Presentation is loading. Please wait.

Presentation is loading. Please wait.

Copyright Compliance Influencing People and Winning No Friends!

Similar presentations


Presentation on theme: "Copyright Compliance Influencing People and Winning No Friends!"— Presentation transcript:

1 Copyright Compliance Influencing People and Winning No Friends!

2 Finding Common Ground Defining Copyright

3 What is copyright? “The statutory privilege extended to creators of works that are fixed in a tangible medium of expression.” (Bruwelheide, 1995)

4 Finding Common Ground What requires us to teach about copyright, fair use, and plagiarism?

5 Why be concerned with copyright compliance?  Respect intellectual rights of creators of information  Reward creativity of authors, artists, musicians, etc.  Legal mandate  Model proper behavior

6 SC Academic Standards address copyright, intellectual freedom, plagiarism

7 SC ELA Academic Standards  Beginning in 4 th grade:Create a list of sources that contains information (including author, title, and full publication details) necessary to properly credit and document the work of others.  6-6.2Use direct quotations, paraphrasing, or summaries to incorporate into oral or written works the information gathered from a variety of research sources.

8 SS Standards – Literacy Elements  Demonstrate responsible citizenship within the school community and the local and national communities  Locate, gather, and process information from a variety of primary and secondary sources including maps  Interpret and synthesize information obtained from a variety of sources—graphs, charts, tables, diagrams, texts, photographs, documents, and interviews

9 SS Standards – Literacy Elements  Plan and organize a geographic research project (e.g., specify a problem, pose a research question or hypothesis, identify data sources)  Use a variety of media to develop and organize integrated summaries of social studies information  Apply geographic models, generalizations, and theories to the analysis, interpretation, and presentation of geographic information

10 Science Standards  Changing from one form of representation (e.g., numerical) to another (e.g., verbal) (e.g., Paraphrase important speeches and documents)  Knowledge of outlining as a means of capturing the structure of a unit of subject matter in a textbook, knowledge of the use of heuristics

11 Other Standards - ISTE NETS-Students - AASL Standards for the 21 st Century Learner - SC Internet Safety Standards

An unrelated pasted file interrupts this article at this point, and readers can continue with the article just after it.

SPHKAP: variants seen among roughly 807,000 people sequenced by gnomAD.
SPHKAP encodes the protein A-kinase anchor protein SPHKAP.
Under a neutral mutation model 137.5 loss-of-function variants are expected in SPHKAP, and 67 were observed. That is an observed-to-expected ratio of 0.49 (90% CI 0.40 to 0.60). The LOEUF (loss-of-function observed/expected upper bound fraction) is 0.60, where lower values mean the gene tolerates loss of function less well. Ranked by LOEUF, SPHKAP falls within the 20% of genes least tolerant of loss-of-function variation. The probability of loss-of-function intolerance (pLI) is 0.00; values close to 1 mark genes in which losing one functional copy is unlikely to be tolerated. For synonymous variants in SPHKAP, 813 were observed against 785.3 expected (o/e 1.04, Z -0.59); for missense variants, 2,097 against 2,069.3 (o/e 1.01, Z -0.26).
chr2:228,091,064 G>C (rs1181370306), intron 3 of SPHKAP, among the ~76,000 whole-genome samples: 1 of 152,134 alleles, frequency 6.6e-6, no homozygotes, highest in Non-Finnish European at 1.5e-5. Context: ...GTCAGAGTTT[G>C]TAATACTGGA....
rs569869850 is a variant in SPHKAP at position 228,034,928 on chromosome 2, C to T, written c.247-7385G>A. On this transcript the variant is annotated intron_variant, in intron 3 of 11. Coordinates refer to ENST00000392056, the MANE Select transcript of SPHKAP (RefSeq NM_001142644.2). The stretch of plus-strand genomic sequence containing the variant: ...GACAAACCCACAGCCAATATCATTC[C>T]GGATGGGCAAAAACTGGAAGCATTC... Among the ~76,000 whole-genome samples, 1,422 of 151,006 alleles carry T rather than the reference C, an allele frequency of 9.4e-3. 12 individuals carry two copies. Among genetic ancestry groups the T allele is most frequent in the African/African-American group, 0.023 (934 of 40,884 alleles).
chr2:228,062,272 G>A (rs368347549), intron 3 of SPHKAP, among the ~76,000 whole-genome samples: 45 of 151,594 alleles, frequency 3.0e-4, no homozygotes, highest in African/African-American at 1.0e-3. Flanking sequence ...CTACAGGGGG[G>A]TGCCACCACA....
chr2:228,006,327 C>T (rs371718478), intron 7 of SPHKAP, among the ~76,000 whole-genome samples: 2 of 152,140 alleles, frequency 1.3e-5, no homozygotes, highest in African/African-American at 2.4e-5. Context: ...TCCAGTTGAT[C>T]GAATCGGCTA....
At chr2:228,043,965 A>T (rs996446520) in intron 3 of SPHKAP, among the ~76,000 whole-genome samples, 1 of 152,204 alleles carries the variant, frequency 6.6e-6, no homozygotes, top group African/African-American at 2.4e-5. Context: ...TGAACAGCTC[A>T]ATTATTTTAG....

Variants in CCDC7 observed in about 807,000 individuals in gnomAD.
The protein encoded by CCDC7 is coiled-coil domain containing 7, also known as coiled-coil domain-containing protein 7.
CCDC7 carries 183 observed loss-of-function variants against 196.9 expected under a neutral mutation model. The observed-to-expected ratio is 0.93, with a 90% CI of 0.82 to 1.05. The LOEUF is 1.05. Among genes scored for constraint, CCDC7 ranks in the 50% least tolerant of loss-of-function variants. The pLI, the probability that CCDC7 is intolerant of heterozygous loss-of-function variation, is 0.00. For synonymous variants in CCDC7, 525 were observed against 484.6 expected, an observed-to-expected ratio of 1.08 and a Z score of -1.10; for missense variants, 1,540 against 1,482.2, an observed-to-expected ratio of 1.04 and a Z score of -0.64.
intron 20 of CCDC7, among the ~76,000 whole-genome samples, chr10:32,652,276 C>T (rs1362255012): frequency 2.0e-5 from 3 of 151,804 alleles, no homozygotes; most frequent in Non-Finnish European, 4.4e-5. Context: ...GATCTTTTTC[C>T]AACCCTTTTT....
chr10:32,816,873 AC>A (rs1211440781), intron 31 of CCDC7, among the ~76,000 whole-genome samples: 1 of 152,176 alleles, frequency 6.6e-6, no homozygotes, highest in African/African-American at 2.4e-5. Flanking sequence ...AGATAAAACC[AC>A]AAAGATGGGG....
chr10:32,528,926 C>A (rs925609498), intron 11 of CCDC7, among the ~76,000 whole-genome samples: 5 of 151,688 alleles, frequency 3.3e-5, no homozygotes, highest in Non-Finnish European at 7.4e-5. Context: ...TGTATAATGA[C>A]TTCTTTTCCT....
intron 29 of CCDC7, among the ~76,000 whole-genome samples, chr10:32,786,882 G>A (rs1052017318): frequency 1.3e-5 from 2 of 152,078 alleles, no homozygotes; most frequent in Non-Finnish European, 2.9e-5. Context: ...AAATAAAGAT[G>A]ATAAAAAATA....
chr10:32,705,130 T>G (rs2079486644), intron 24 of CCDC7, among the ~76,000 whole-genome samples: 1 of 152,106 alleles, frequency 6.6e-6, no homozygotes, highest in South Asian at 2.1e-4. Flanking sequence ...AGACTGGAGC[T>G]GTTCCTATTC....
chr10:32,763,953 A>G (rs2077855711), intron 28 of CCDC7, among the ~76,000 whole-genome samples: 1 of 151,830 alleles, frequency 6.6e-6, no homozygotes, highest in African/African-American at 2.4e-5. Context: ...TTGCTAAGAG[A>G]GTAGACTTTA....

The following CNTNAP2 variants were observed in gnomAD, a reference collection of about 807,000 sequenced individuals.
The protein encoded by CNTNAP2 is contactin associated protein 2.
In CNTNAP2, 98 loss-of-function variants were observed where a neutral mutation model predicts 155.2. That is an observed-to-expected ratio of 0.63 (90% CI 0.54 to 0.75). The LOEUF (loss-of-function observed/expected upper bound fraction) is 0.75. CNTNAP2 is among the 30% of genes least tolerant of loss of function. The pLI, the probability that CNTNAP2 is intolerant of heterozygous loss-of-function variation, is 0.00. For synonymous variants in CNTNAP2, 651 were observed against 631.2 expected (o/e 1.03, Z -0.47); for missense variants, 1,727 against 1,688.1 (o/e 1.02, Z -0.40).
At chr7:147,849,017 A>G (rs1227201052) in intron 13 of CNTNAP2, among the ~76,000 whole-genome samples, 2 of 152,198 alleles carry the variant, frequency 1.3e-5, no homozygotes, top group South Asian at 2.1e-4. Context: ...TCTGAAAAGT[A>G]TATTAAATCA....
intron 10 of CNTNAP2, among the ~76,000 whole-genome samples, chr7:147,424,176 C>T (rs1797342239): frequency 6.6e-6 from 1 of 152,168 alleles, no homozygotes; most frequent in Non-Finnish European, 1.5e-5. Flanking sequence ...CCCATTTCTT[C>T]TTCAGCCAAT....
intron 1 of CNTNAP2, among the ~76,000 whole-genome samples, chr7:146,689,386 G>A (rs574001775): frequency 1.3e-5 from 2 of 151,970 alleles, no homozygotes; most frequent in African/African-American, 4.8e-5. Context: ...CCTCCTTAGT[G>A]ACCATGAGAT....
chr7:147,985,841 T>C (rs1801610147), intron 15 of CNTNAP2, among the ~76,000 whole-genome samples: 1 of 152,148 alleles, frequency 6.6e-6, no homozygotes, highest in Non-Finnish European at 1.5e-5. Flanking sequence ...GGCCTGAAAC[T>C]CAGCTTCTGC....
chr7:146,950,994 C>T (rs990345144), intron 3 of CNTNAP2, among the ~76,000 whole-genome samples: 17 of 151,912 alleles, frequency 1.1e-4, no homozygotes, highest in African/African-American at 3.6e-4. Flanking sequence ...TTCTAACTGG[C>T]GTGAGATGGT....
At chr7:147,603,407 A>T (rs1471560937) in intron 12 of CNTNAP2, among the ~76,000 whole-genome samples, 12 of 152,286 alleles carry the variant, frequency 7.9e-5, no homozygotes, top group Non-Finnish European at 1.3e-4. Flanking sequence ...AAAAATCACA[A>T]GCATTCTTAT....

12 NETS for Students 5.Digital Citizenship Students understand human, cultural, and societal issues related to technology and practice legal and ethical behavior. Students: a.Advocate and practice safe, legal, and responsible use of information and technology. b.Exhibit a positive attitude toward using technology that supports collaboration, learning, and productivity. National Educational Technology Standards for Students: The Next Generation.. (2007) Washington, D.C.: International Society for Technology in Education. Available online at

13 NETS for Students 5.Digital Citizenship Students understand human, cultural, and societal issues related to technology and practice legal and ethical behavior. Students: c.Demonstrate personal responsibility for lifelong learning. d.Exhibit leadership for digital citizenship. National Educational Technology Standards for Students: The Next Generation.. (2007) Washington, D.C.: International Society for Technology in Education. Available online at

14 Standards for the 21 st Century Learner 1.Inquire, think critically, and gain knowledge Respect copyright/intellectual property rights of creators and producers Follow ethical and legal guidelines in gathering and using information Use information technology responsibly. Standards for the 21 st -Century Learner. (2008) Chicago, IL: American Association of School Librarians. Available online at

15 Standards for the 21 st Century Learner 3.Share knowledge and participate ethically and productively as members of our democratic society Use information and technology ethically and responsibly. Standards for the 21 st -Century Learner. (2008) Chicago, IL: American Association of School Librarians. Available online at